‘Assembling a Nuclear Lithuania’ was specially produced for the exhibition The Baltic Material Assemblies, curated by Jonas Zukauskas and Jurga Daubaraite at the Architectural Association (AA) and the Royal Institute of British Architects (RIBA) in London, the UK.

To mark the centenary of Estonian, Latvian and Lithuanian independence, The Baltic Material Assemblies presents architecture of the Baltic states, exploring the material, infrastructural and cultural connections that have persevered despite the political borders and conflict lines that have been laid throughout the region. The exhibition investigates futurity through its inscription into the region’s geology, infrastructure and architecture. Presented at the AA and RIBA, it reveals built space as a common ground for European unity.

Estonia, Latvia and Lithuania are the only former Soviet states to have become members of the European Union. An overwhelming majority of the energy networks, mining operations and urban layouts that were instruments of the soviet industrialisation of the Baltic states remain functional today. The reconfiguration or dismantling of this vast space demands a new relationship between society and its environment. The transformation of the Baltic states is incremental, synchronised, negotiated on many levels and in many cases only made possible through the support of other members of the EU.

Electricity grids, fossil fuel pipelines, nuclear assemblies, geological sections, minerals, landform buildings, insulation materials, and landscape photographs are assembled in this exhibition and outline the background to the new architectural commitments of the Baltic states.

For a full description of the text of ‘Assembling a Nuclear Lithuania’ please follow this link.

Visit to Wunderland Kalkar, Germany

17 March, 2018 Together with an international group of scholars, Anna Storm visited Wunderland Kalkar, a breeder reactor that was never in operation and instead turned into an amusement park, all inclusive hotel and conference facility. The nuclear power plant was built during the 1970s and 80s on the Rhen riverside, the project was cancelled in the early 90s and the site sold to a Dutch entrepreneur who quickly transformed it into its current function, attracting about 650,000 visitors per year. The cooling tower has been painted with mountains; outside there is a climbing wall and inside is a swing carousel. At the premises is a small museum dedicated to the history of the breeder reactor Kalkar, set up by former workers and including pictures and models of the plant. Today, the site relates explicitly to its nuclear past, for example in the naming of conference rooms. Even the former control room is used for conference purposes, with the wall control panels left. In parallell, numerous other cultural and historical contexts are highly present, like an ancient Egypt lounge area, a Western saloon and traditional Bavarian houses.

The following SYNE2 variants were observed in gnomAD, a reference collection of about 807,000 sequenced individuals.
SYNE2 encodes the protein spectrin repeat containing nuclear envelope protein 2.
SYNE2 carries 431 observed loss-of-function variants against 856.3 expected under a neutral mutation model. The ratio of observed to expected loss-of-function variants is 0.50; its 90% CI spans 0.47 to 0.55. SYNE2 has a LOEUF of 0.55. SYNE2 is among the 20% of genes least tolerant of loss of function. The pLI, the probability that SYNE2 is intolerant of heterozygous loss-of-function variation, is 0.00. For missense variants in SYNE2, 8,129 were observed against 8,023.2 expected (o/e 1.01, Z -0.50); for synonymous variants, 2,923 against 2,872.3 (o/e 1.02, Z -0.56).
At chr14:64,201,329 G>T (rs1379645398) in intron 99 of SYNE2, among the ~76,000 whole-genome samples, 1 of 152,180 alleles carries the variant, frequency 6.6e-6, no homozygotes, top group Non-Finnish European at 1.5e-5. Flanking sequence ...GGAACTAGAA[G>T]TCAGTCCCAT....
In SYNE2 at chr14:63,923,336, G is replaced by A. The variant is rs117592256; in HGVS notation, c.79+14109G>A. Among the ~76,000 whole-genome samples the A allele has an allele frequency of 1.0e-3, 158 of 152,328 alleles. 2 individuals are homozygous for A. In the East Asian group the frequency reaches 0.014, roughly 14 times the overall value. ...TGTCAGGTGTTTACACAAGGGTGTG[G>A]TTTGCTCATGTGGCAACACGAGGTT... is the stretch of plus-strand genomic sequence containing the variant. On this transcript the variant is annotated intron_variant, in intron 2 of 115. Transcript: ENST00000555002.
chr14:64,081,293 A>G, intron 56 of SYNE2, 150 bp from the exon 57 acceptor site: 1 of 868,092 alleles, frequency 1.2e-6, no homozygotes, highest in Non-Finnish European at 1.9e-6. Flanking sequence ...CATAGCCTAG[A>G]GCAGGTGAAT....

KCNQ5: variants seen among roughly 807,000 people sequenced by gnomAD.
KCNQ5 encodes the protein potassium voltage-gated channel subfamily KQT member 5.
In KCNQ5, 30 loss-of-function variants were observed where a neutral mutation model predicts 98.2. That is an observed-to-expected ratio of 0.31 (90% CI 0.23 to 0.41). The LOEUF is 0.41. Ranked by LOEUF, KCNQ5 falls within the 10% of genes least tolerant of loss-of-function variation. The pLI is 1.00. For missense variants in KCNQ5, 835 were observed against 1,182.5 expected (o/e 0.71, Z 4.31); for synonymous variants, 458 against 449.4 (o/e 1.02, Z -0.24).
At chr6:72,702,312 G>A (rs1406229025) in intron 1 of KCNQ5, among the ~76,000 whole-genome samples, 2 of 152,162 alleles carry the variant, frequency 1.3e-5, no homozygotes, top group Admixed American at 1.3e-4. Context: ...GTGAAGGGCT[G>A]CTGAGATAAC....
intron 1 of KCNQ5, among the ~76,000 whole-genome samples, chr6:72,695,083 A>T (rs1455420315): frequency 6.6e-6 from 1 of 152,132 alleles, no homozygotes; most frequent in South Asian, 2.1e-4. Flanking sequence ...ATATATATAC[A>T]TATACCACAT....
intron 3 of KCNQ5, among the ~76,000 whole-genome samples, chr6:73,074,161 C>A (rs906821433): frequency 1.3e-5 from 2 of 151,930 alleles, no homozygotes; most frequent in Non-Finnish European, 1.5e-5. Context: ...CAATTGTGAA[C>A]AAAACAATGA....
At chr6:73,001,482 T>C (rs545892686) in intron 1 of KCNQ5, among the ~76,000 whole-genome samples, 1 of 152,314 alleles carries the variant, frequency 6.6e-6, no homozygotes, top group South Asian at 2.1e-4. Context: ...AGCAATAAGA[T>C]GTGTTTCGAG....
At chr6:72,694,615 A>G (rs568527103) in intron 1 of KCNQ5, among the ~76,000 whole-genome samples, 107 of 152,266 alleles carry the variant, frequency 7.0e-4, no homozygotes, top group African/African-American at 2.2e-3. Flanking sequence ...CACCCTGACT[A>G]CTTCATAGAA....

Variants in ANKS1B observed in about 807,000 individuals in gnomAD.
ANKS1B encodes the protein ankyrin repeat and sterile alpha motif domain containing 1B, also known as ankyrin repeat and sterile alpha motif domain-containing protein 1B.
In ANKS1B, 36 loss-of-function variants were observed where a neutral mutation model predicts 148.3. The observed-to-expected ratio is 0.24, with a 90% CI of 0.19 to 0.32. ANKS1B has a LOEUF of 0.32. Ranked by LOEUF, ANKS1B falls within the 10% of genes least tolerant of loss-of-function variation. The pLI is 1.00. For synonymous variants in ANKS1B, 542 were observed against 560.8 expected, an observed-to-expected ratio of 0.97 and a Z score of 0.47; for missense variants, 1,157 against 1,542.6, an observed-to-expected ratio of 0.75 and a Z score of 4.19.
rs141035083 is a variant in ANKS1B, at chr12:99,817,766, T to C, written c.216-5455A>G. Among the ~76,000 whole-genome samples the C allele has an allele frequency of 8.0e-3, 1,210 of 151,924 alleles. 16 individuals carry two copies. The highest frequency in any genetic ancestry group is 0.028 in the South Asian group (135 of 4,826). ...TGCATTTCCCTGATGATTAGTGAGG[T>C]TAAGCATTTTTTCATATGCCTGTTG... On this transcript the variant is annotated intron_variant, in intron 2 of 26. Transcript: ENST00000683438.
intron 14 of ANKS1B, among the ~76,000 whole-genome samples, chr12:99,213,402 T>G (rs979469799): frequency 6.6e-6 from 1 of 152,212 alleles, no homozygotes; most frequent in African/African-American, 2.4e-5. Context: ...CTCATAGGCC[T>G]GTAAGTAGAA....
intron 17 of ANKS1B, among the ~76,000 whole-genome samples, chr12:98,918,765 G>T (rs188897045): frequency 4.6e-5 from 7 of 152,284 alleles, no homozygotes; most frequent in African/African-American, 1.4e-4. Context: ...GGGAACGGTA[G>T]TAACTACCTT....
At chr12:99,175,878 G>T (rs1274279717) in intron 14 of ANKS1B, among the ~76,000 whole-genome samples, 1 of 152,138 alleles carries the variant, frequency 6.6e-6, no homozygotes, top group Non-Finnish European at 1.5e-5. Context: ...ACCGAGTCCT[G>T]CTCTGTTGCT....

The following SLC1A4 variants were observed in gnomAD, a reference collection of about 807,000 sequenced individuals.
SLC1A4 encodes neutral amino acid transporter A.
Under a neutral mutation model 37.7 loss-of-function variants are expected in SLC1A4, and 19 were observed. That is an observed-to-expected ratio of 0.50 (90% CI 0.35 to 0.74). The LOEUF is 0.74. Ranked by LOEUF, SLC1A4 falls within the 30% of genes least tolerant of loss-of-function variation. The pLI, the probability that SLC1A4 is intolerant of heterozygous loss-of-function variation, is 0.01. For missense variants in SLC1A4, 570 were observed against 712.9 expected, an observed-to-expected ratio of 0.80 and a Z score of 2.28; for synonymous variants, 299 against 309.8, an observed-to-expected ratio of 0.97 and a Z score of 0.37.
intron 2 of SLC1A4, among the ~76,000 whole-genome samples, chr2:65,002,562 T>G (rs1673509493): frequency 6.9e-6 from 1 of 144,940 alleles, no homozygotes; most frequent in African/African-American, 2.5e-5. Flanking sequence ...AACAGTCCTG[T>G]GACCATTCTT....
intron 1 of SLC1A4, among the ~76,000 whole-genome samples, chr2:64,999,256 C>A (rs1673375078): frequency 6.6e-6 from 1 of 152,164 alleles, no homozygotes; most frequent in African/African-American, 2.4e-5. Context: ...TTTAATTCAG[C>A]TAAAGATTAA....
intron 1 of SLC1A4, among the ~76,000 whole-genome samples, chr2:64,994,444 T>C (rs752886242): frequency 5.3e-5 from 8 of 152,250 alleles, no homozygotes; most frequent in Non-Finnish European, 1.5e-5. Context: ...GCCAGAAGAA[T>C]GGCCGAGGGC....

Start-up workshop in Malmö and Barsebäck, Sweden

26-28 January, 2018 The Atomic Heritage research team held a start-up workshop in Malmö, Sweden. The workshop included planning for coming fieldwork activities, for interaction with the project’s scientific advisory board, conference participation etcetera as well as a visit to the Barsebäck nuclear power plant nearby. Barsebäck is closed down since 2005 and one of the two reactors is currently being dismantled, the work starting from inside and going outwards. The reactor basin is already emptied, as visible in one of the pictures below.

Photo upper right (control room): Maria Taranger 2018. All other photos: Anna Storm 2018.